Automobile Alignment consists of adjusting the camber, caster, and toe to ensure that your car will handle properly and consistently. Alignment is also changed for racing purposes, and is the largest component of suspension tuning, the others being adjustment of ride height, spring rate, and damping. One typically does a "front-end alignment" only. You could also adjust the rear alignment as part of the process, but most stock cars have only a camber adjustment in the rear, if that.

Alignment is usually fairly straightforward, with the caveat that on some vehicles, some aspects of the alignment cannot be modified via simple methods. For more on modifying camber, caster, and toe, see their nodes.

Alignment is carried out with the aid of an alignment gauge. This simple device is essentially identical to a level used for construction. It has a curved ampule of liquid (typically colored water) with a bubble of air inside of it. The ampule is graduated with markings for degrees off true. It will also have at least one indicator to ensure that you can level the gauge itself. The gauge is attached to the hub of the car's wheel, or to the wheel itself, and alignment progresses. One first adjusts the caster, then the camber, and finally the toe.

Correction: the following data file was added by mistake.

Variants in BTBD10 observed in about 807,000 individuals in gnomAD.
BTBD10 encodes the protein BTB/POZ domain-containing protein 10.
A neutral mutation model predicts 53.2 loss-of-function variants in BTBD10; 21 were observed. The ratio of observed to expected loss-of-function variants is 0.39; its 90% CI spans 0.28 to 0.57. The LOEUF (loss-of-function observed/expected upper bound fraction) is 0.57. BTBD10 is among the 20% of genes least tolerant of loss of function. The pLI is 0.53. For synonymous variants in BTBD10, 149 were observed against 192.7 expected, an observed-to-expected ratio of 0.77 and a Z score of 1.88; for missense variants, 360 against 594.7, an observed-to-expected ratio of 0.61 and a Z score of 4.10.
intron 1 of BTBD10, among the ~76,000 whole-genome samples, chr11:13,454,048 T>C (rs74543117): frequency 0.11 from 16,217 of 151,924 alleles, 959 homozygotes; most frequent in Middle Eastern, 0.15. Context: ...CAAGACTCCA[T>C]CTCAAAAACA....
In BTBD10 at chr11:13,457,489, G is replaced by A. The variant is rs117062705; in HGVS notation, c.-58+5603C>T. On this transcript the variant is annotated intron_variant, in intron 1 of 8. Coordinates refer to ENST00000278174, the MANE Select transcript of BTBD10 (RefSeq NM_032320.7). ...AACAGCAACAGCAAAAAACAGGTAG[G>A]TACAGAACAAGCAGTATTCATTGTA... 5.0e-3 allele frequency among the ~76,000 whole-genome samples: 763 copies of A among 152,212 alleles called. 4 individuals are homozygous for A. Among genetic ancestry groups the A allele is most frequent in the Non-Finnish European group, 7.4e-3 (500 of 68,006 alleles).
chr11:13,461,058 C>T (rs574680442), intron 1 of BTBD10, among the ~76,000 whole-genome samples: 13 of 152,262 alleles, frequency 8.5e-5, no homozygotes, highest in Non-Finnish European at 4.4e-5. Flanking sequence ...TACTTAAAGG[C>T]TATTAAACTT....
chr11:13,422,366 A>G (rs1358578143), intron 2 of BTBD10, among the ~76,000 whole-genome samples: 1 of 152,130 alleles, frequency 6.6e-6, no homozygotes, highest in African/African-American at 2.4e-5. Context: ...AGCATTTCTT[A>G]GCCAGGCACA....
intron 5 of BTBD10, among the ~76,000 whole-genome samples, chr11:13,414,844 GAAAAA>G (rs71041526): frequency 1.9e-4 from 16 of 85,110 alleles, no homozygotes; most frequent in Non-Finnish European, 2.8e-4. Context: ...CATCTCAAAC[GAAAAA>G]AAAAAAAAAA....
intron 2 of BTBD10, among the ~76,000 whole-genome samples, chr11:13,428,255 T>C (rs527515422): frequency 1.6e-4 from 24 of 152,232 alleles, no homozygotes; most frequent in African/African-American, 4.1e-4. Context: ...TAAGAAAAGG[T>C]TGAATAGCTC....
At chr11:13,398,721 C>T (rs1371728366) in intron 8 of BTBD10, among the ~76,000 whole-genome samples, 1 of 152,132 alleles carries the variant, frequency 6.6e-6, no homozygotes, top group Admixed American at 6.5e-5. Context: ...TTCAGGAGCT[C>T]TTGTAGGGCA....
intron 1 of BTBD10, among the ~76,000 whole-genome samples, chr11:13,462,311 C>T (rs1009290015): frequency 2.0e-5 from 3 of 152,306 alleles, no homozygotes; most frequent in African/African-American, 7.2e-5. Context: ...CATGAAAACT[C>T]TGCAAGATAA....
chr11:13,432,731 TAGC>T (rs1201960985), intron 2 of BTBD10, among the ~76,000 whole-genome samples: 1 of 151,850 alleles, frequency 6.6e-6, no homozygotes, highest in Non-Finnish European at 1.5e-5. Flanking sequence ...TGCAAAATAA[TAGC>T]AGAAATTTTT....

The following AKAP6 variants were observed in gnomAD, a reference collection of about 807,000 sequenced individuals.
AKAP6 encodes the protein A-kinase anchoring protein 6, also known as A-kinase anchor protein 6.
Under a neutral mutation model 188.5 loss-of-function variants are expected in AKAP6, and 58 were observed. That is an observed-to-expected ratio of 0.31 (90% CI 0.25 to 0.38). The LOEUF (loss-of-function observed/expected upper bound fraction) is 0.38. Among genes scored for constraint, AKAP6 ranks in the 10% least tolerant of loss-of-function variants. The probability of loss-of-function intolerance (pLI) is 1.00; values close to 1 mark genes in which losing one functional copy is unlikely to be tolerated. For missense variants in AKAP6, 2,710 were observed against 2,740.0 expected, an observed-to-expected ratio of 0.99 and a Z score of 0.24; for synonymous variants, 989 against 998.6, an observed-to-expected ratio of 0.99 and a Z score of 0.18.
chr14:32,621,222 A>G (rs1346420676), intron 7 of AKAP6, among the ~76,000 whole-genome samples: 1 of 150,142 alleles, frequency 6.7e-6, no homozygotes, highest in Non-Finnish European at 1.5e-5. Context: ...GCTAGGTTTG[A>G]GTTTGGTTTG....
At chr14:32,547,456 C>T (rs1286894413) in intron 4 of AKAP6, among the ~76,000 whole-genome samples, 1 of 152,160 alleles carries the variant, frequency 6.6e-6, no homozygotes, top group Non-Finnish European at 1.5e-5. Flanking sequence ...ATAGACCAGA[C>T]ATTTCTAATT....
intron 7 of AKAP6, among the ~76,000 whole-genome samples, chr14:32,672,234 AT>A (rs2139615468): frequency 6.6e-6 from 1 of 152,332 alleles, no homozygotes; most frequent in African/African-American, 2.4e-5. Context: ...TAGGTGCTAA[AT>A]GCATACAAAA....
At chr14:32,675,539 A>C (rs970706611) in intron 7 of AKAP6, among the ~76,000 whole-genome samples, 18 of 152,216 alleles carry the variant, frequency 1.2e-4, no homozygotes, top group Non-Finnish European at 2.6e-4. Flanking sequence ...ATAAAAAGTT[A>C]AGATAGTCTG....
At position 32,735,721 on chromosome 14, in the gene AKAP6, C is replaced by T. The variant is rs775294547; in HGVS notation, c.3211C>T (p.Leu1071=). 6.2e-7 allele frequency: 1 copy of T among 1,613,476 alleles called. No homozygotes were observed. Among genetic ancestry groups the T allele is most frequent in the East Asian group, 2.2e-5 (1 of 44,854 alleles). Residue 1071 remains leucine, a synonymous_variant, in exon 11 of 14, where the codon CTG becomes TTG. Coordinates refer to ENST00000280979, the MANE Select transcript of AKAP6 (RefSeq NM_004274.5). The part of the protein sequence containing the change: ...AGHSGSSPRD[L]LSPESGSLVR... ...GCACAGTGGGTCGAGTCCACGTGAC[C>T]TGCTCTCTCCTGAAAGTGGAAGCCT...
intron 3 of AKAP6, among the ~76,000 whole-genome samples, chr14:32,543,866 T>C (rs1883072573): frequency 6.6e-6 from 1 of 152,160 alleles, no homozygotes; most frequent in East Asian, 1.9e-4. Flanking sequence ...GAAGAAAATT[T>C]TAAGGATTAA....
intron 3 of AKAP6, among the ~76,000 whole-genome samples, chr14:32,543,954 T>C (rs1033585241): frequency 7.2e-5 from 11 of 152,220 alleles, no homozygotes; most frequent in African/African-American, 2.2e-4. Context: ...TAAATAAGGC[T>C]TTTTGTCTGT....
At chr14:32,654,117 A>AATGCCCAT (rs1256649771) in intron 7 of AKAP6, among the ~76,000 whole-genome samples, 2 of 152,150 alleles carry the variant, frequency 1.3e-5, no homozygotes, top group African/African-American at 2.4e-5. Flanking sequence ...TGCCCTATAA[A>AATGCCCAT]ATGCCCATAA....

Camber affects traction more than the other two characteristics. Especially in vehicles with body roll, the fact that the outside of the tire normally sits higher means that when you roll onto the tire you will gain traction rather than losing it. If camber is uneven the vehicle will pull toward the side with more positive camber and there will be uneven tire wear across the tread, although the tire wear corresponds roughly with an increase in tire pressure. Heavy steering response and a tendency of the wheels to hop over bumps are signs of too much positive caster, and light steering which tends to wander are clues of too much negative caster. Caster also causes the wheels to gain negative camber during body roll. Finally, toe-in keeps you going straight; the two wheels pointing at one another mean that slight changes in steering wheel position do not change the overall direction in which the car is being pushed (or pulled, if it's front wheel drive.) Excessive toe causes significant inner tire wear. The front wheels are always toed in (1/8 inch difference or so in the front for the average auto) but the rear wheels are sometimes toed out in the back in some types of auto racing in order to make the vehicle turn more easily.